Protest May Indicate Rise Of Hezbollah In Lebanon
Unlike the popular revolts in Tunisia and Egypt, the recent collapse of Lebanon's government had nothing to do with populist fury.
The opposition, including the Shiite Hezbollah movement, walked out to protest an international court expected to indict Hezbollah members in connection with a 2005 political assassination.
The Lebanese are asking themselves if this is just another re-shuffling of the political chairs, or if it marks the rise of a growing Shiite population in a country that has long favored Christians and Sunni Muslims.
Hezbollah has long had power on the ground. In December 2008, Hezbollah leader Sheikh Nasrallah galvanized a huge audience with his call for Egyptians to rise up in protest over Cairo's refusal to lift the blockade of the Gaza Strip.
Politically, Lebanon has never acknowledged the widely accepted belief that Shiites are the largest single group in the country.
Lebanon's system requires the president to be a Maronite Christian and the prime minister a Sunni Muslim — ostensibly because of their shares of the population.
Shiites get the less powerful speakership of Parliament. And there hasn't been a census in decades for fear that it would sow political chaos.
'No Need For Overt Political Control'
For analyst Talal Atrissi at Lebanese University, the ascension of Hezbollah to a share of the political majority for the first time in its history is symbolically important.
"I believe what we're seeing now is the rise of the Shia. And not just politically but also economically, socially, and culturally," Atrissi says.
Atrissi says the shift mirrors the regional rise of the so-called "resistance alliance" between Iran, Syria and non-state actors such as Hezbollah and Hamas. At the same time, he says, U.S. influence, and that of its Sunni allies in Lebanon, is on the wane.
"The Sunnis chose to be with the pro-American alliance, the so-called 'moderate Arabs.' And now we see that alliance disintegrating," Atrissi says. "People no longer believe America will reach out and protect its allies here. They're no longer afraid."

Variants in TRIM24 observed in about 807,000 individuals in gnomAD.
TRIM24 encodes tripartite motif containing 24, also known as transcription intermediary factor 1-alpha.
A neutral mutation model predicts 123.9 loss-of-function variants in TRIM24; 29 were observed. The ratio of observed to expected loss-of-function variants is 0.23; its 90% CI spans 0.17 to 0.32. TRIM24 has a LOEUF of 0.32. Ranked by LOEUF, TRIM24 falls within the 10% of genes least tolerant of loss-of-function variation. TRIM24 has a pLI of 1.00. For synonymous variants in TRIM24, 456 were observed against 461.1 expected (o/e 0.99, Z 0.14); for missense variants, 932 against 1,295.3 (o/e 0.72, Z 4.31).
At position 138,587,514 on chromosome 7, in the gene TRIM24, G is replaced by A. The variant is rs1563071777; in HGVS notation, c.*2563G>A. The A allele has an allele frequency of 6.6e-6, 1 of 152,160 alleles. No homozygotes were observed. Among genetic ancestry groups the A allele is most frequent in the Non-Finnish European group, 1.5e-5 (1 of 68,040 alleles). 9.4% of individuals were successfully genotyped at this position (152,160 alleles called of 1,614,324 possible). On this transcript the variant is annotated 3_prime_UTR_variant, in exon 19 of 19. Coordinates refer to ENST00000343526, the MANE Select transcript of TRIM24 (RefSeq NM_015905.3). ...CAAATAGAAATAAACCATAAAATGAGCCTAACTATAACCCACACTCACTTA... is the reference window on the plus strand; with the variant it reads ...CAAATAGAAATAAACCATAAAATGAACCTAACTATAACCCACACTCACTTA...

On the other hand, a number of analysts say Sunnis and Christians do feel diminished in Lebanon these days. But it would be a stretch to claim that Lebanon now has a "Hezbollah-led government," as some Western commentators have done.
"If you are eluding here to some people's thoughts that Hezbollah might be working toward an actual political takeover here, I think that would be very far-fetched," says analyst Judith Palmer Harik, author of a book and many scholarly articles on Hezbollah.
Analysts say that as the most powerful military force in the country, Hezbollah has no need for overt political control. In fact, they say Hezbollah would be of less use to Syria and Iran as a governing body than it is as a militia operating with impunity.
Shifting Hezbollah's Image
Harik says that impunity, however, lasts only as long as people believe Hezbollah's weapons are pointed outside the country — toward Israel for example. That image would be badly tarnished if Hezbollah members are indicted in the assassination of former Prime Minister Rafik Hariri.
"I think in their mind, of course, was the image of a national resistance," Harik says. "And a national resistance doesn't go about killing prime ministers in the country in which they are supposed to be a national resistance."
Political scientist Hilal Khashan at the American University of Beirut forecasts that Hezbollah will participate at a minimal level in the next government, if at all. But he says Arab neighbors and the West will, nonetheless, recognize that Lebanon's Shiites, led by Hezbollah, are a force to be reckoned with.
"The balance of power has shifted and the control over the political system has shifted," Khashan says. "Hezbollah is having its field day in Lebanon." Copyright 2011 National Public Radio. To see more, visit http://www.npr.org/.